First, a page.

The proportion of an image’s frame (or aspect ratio) is a fundamental part of the statement it makes. Aspect ratio influences the way both the photographer and his or her audience sees images. Many photographers choose particular camera formats (35mm, 645, 21?4, 6×17, 4×5) because they reinforce particular ways of seeing. For instance, square formats emphasize neither vertical nor horizontal motions and reinforce the geometries framed within them, while panoramic formats encourage the eye to sweep across images in long strokes, typically, but not exclusively, horizontally.
There are photographers who prefer to standardize the aspect ratio of their images. Many documentary photographers crop none of their images to indicate the objective stance with which they attempt to approach their subjects, signaling a host of other related practices and above all that they have intervened in and interpreted the events their images portrayed as little as possible. Other photographers standardize the aspect ratio of their images to draw attention away from the proportion of the frame to other aspects of their images. Repetition typically deflects attention from an image element, while variation draws attention to itself. Still other photographers standardize the proportion of their images to make matting and framing easier and more economical. Some do it simply out of habit. No matter what type of photographer you are and what your standard practice is, I recommend you explore your options.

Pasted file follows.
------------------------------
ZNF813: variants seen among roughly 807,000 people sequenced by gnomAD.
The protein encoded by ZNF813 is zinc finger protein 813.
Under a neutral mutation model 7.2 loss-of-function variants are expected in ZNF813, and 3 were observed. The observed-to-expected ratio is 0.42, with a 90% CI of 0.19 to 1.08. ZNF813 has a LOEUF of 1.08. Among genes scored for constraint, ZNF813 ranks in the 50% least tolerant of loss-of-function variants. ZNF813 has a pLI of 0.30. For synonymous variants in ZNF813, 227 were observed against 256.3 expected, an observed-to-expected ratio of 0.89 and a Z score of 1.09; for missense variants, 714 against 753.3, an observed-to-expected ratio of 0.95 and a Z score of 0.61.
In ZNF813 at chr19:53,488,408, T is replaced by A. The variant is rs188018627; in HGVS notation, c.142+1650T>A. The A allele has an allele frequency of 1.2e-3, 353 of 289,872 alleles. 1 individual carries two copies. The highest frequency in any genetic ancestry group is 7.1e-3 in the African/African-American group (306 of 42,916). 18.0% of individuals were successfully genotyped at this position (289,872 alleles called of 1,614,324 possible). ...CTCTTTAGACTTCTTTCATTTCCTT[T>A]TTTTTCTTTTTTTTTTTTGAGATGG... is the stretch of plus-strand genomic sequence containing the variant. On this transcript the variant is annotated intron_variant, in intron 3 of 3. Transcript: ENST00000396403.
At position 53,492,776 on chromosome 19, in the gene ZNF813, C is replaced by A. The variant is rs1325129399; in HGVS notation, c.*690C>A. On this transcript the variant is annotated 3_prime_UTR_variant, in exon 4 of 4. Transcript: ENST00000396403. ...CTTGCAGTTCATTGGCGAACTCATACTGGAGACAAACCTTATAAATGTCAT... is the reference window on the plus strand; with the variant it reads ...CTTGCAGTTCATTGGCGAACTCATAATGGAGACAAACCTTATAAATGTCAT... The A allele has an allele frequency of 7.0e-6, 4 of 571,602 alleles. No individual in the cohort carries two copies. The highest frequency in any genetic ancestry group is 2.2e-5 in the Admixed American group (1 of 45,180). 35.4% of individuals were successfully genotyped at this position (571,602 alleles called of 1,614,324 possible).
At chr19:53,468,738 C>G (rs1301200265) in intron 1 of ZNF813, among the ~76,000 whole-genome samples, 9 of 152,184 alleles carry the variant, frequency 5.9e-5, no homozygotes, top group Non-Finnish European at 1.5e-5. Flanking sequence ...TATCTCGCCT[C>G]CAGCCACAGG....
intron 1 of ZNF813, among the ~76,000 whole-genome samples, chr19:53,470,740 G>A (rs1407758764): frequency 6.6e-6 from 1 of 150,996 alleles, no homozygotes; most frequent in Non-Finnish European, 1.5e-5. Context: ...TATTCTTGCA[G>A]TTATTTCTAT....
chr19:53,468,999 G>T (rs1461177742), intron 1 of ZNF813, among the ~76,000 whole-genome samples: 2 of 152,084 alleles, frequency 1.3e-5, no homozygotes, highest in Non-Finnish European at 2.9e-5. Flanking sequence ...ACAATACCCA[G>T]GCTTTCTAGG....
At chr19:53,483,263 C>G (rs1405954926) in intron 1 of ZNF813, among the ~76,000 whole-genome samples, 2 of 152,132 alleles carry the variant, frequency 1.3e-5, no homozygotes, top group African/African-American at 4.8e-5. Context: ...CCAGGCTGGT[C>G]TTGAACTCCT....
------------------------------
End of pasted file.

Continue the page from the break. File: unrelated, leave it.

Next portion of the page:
With Lightroom, Adobe Camera Raw and Photoshop, you can nondestructively crop your images so that pixels are hidden rather than eliminated. This is now the default behavior of these software applications. Later, if you wish to change the crop of an image, you can reuse the Crop tool to reclaim these hidden pixels and make modifications without having to re-process the original RAW file from which they were derived.
Few photographers explore distorting their images to change aspect ratio. In large part, this is because distortion is a practice so new that not enough time has elapsed for it to become a habitual part of our tradition. In some cases, the practice of distortion is discouraged; it’s not appropriate for the creation of forensic or documentary images. In a few cases, it’s encouraged; many portrait photographers squeeze their images horizontally, making their subjects look thinner (a transformation of as little as 5% to 10% is often undetectable to the casual observer, but nonetheless highly flattering to the subject, and some think it takes off the 10 pounds the camera adds on). Whether you’re influenced by force of habit or respect for tradition, remember that both lead to learned behaviors, which can be modified. Distortion offers extraordinary expressive opportunities. You owe it to yourself and your images to explore this option. Whether you choose to do this often or infrequently, a little or a lot, is something only you and time can tell.